Despite New Delhi’s official foreign policy on Afghanistan, which consists of an exclusive relationship with the Afghan central government regardless of who controls Kabul, it has hustled to diversify its political investment in the context of four decades of conflicts in the country.
In fact India’s economic and military rise as the regional hegemon in South Asia and its strategic partnership with the United States have created a unique opportunity for the Indian government to reassert its historical and traditional influence in Afghanistan, and beyond in Central Asia. However, recent developments in Afghanistan and in the region indicate that India might lose the benefit of its investment in the country.
India, like most of Afghanistan’s neighbors and regional powers, has learned the hard way how to reach out to various warring parties in the country. For instance, despite being a close partner of the former communist regime in Kabul, New Delhi had little choice but to reach out to the various mujahideen factions in order to safeguard its traditional place in Kabul even before the demise of the communist regime in 1992. However, it was unsuccessful in establishing a meaningful contact with the Taliban when they took over in 1996, which undermined its ability to intervene when Indian Airlines Flight 814 was hijacked and grounded in Kandahar in December 1999.
Meanwhile, after the US and NATO military intervention, followed by the collapse of the Taliban regime in 2001, New Delhi has emerged as one of the most valuable regional partners for the United States and an influential ally of the Afghan government, as well as the biggest regional donor for Afghanistan. In addition, it has won a unique place in the hearts and minds of ordinary Afghans through its cultural and soft-power influence and tremendous investments in reconstruction of Afghanistan economic infrastructures.
However, India’s mishandling of local Afghan politics over the past 17 years has significantly reduced its influence among major political parties in Afghanistan. While the Afghan people continue to appreciate its contributions to the reconstruction and development of the country, its traditional allies who fought against the Taliban in the 1990s have distanced themselves from India and are being wooed by Pakistan.
Recently, all major regional powers, except India, have been trying to carve a niche for themselves in the future of Afghanistan in the context of an ultimate political settlement.
For instance, Russia has taken the diplomatic initiative to build a regional consensus through organizing major regional conferences on Afghanistan in Russia and allied countries in Central Asia. A planned peace conference, which was set for September 4 but was postponed on a personal request from Afghan President Ashraf Ghani, is an indication of Russia’s growing cloud in shaping the future of Afghanistan, because even the Taliban approved of Moscow’s initiative and indicated their willingness to attend the conference.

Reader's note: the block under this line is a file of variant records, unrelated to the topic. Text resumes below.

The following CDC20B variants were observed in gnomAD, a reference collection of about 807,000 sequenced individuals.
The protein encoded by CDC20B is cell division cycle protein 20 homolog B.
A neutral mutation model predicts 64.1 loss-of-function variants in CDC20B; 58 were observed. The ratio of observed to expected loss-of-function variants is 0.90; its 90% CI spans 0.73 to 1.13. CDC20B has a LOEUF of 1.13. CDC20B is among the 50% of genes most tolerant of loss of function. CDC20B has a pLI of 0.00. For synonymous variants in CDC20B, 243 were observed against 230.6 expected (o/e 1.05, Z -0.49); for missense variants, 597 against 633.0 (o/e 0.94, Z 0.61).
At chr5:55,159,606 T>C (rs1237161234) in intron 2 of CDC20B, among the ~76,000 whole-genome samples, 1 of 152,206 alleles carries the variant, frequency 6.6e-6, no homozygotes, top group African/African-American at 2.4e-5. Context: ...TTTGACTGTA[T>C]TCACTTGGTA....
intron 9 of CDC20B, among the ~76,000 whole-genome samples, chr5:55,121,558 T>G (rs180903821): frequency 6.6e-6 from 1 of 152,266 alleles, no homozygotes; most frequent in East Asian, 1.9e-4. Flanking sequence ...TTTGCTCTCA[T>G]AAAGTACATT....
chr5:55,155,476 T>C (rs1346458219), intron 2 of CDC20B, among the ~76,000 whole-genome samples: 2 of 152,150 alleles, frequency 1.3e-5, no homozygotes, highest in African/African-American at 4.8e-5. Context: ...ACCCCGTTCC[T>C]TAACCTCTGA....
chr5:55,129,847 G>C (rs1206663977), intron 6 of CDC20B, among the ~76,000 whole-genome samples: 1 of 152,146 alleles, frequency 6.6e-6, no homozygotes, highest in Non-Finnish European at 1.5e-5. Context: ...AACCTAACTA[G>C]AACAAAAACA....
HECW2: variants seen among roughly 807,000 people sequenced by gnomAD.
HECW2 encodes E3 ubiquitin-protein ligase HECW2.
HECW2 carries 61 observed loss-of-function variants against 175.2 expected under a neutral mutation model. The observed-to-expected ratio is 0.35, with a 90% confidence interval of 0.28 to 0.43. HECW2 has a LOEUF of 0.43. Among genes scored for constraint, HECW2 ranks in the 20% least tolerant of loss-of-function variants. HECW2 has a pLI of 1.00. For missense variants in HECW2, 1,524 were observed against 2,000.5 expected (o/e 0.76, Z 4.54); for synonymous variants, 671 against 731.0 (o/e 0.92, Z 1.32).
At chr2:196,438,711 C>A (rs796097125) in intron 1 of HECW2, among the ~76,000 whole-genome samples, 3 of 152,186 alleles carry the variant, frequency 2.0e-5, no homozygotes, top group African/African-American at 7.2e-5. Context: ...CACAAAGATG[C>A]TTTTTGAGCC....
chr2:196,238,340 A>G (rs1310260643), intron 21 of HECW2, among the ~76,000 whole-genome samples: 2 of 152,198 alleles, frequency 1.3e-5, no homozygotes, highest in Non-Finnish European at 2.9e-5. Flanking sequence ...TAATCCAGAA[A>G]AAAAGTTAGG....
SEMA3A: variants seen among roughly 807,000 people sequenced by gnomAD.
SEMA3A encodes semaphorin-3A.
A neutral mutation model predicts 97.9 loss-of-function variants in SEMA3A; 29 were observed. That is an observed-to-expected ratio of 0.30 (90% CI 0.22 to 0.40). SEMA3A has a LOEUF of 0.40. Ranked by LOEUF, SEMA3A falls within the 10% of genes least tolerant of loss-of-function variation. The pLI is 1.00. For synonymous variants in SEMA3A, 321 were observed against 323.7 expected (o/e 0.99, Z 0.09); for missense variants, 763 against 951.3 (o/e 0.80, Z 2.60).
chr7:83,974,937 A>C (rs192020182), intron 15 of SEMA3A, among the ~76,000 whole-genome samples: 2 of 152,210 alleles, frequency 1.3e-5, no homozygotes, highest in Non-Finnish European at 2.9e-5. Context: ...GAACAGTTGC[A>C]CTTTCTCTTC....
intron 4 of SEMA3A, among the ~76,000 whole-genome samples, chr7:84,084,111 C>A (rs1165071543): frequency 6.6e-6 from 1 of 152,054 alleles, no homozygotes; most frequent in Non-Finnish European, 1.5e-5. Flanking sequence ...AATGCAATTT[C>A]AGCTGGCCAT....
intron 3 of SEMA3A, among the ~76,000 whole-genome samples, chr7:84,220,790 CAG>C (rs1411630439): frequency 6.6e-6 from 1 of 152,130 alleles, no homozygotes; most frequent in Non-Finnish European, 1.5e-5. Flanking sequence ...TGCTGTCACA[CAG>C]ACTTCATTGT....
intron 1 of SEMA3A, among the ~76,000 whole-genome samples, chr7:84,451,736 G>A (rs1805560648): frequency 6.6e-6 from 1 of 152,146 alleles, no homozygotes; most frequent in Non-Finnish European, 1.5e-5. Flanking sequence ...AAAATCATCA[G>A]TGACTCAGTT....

Similarly, China has sped up its engagement in Afghanistan. Aside from its unique role in the Afghan peace process through its strategic partnership with Pakistan and because of its improved ties with the Taliban, it has established for the first time bilateral security cooperation with Kabul.
The Chinese military has been assisting its Afghan counterparts in anti-terrorism operations and capacity building for the Afghan forces. Meanwhile, the latest announcement of Beijing’s decision to build a military base in the strategic Wakhan corridor bordering China, Tajikistan, and Pakistan-administered Kashmir is considered a bold move and an unprecedented decision by the Chinese leadership to intervene militarily in Afghanistan.
Meanwhile, India’s efforts to open a transit corridor to Afghanistan and Central Asia through Iran’s Chabahar port, thus bypassing Pakistan, came to a standstill because of the renewed US sanctions on Iran. This is by far the biggest setback in India’s strategic investment in the context of regional competition for access to tremendous energy resources in Central Asia.
Furthermore, the US decision to seek an acceptable political outcome in Afghanistan and to negotiate directly with the Taliban has caught India off guard. In addition, India’s main regional rival Pakistan will play a key role by accommodating an ultimate political settlement in Afghanistan and in exchange will demand important concessions from the United States and the Afghan government.
Knowing that any political settlement in Afghanistan will require the blessing of all major regional stakeholders, India will rely on the United States to have a say. India will not have any direct influence and will not receive a VIP invitation to the negotiation table, because its political allies in the Afghan government have become irrelevant.
Also, India stands alone in the region and has been isolated within the Shanghai Cooperation Organization. As I wrote in an April opinion article for Asia Times, we are increasingly witnessing open competition between the North Atlantic Treaty Organization and the SCO in Afghanistan, and India will have little influence in shaping the outcome of SCO’s decisions on Afghanistan.
Hence India’s 17 years of tremendous investment in Afghanistan is at great risk, and it might be the only regional power sidelined from the peace negotiations, because it has lost its influence among Afghan political forces and is unable to influence other regional players.